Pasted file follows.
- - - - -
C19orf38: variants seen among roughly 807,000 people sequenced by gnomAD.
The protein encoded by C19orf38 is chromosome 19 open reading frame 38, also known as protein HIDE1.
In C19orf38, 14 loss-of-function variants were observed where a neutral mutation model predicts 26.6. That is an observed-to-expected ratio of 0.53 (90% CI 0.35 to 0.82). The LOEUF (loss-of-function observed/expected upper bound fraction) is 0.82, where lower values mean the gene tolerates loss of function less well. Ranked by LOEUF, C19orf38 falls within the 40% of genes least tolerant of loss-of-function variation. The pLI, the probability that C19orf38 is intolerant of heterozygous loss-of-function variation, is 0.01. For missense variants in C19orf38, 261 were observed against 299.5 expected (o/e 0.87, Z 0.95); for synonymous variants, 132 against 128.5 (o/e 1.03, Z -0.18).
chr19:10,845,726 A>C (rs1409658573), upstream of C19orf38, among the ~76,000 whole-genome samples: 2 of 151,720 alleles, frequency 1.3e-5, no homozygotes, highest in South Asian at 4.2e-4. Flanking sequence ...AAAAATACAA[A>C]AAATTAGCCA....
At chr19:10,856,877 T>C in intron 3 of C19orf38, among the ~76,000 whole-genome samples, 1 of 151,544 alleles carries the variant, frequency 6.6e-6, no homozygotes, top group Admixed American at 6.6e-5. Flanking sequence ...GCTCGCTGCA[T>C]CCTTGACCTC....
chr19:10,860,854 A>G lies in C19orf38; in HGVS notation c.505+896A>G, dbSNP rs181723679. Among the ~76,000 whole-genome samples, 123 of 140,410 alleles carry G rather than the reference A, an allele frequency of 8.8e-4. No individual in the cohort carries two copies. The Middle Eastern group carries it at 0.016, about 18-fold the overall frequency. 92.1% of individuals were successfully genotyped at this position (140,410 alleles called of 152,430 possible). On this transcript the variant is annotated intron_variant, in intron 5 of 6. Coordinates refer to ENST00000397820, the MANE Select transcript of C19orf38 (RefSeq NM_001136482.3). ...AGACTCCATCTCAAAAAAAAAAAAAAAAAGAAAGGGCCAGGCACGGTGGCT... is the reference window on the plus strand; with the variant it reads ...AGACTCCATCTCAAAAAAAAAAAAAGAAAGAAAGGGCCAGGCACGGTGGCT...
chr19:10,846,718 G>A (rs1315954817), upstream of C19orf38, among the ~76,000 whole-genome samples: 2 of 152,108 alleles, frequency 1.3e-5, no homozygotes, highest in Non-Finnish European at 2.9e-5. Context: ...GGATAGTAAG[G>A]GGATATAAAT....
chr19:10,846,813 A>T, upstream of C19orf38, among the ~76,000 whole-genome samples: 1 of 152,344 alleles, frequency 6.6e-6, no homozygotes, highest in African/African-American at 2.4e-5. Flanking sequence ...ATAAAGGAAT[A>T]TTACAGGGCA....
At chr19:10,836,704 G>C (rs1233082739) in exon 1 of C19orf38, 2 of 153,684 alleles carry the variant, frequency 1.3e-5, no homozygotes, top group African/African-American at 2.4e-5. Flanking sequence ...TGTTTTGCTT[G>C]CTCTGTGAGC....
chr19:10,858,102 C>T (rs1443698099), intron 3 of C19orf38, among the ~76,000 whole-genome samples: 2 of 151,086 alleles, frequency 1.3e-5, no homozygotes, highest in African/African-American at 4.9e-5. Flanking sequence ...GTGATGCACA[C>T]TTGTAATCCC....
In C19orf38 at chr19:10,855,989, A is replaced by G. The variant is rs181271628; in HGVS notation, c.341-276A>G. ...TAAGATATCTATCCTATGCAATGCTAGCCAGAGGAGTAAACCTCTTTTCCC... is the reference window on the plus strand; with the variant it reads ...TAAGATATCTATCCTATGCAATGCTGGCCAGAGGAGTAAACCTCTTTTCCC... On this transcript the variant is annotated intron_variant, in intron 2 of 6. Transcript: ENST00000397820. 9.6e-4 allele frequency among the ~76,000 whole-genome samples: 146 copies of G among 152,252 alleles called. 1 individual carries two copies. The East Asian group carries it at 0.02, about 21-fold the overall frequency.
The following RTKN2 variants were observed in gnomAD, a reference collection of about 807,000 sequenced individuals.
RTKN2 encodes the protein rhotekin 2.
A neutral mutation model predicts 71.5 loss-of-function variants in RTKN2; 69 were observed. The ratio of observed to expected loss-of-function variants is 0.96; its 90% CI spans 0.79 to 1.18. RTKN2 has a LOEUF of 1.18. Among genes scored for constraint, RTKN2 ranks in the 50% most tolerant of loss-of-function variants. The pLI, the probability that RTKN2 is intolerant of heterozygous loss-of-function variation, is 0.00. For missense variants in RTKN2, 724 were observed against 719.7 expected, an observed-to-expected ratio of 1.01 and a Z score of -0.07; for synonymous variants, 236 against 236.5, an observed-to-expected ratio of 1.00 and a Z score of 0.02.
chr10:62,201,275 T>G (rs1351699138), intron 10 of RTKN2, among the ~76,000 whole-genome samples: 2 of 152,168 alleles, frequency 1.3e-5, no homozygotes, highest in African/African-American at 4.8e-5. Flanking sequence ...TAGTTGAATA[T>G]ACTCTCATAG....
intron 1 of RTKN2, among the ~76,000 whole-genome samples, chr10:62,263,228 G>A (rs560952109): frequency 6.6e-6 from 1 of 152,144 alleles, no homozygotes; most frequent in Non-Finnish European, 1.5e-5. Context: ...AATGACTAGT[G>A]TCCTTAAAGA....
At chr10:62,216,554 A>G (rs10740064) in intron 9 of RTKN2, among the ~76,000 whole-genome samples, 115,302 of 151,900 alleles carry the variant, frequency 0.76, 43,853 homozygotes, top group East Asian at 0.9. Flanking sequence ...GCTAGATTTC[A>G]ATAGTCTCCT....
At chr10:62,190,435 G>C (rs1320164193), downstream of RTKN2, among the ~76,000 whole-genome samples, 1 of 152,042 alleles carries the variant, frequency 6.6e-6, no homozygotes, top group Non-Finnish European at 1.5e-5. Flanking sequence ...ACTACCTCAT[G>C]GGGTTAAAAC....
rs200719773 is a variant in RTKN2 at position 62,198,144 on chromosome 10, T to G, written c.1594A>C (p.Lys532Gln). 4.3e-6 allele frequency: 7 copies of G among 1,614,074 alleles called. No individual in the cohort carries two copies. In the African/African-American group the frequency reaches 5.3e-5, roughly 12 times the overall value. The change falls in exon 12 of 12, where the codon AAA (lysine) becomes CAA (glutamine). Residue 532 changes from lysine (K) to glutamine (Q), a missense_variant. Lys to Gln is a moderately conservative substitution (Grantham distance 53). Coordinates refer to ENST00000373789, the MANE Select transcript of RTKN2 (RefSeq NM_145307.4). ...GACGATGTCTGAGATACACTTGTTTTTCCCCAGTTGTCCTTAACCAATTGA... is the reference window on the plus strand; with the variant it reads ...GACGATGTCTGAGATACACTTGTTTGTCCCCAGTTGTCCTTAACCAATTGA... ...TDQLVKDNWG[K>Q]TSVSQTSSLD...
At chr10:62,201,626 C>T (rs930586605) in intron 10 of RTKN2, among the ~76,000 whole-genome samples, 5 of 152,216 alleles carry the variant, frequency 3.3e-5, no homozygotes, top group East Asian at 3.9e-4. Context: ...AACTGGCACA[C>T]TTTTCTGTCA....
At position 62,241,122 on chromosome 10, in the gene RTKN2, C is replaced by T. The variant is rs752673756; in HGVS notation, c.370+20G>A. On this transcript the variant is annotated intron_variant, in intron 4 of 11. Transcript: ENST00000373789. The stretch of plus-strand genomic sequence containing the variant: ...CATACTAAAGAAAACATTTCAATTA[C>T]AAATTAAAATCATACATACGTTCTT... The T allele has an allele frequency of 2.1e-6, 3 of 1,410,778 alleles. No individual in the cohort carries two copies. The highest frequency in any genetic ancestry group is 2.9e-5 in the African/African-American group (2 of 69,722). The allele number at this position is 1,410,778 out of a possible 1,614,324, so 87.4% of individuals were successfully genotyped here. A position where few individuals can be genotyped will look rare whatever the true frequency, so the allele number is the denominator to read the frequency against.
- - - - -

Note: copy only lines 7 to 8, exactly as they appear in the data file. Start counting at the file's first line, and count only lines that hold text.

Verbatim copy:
chr19:10,846,718 G>A (rs1315954817), upstream of C19orf38, among the ~76,000 whole-genome samples: 2 of 152,108 alleles, frequency 1.3e-5, no homozygotes, highest in Non-Finnish European at 2.9e-5. Context: ...GGATAGTAAG[G>A]GGATATAAAT....
chr19:10,846,813 A>T, upstream of C19orf38, among the ~76,000 whole-genome samples: 1 of 152,344 alleles, frequency 6.6e-6, no homozygotes, highest in African/African-American at 2.4e-5. Flanking sequence ...ATAAAGGAAT[A>T]TTACAGGGCA....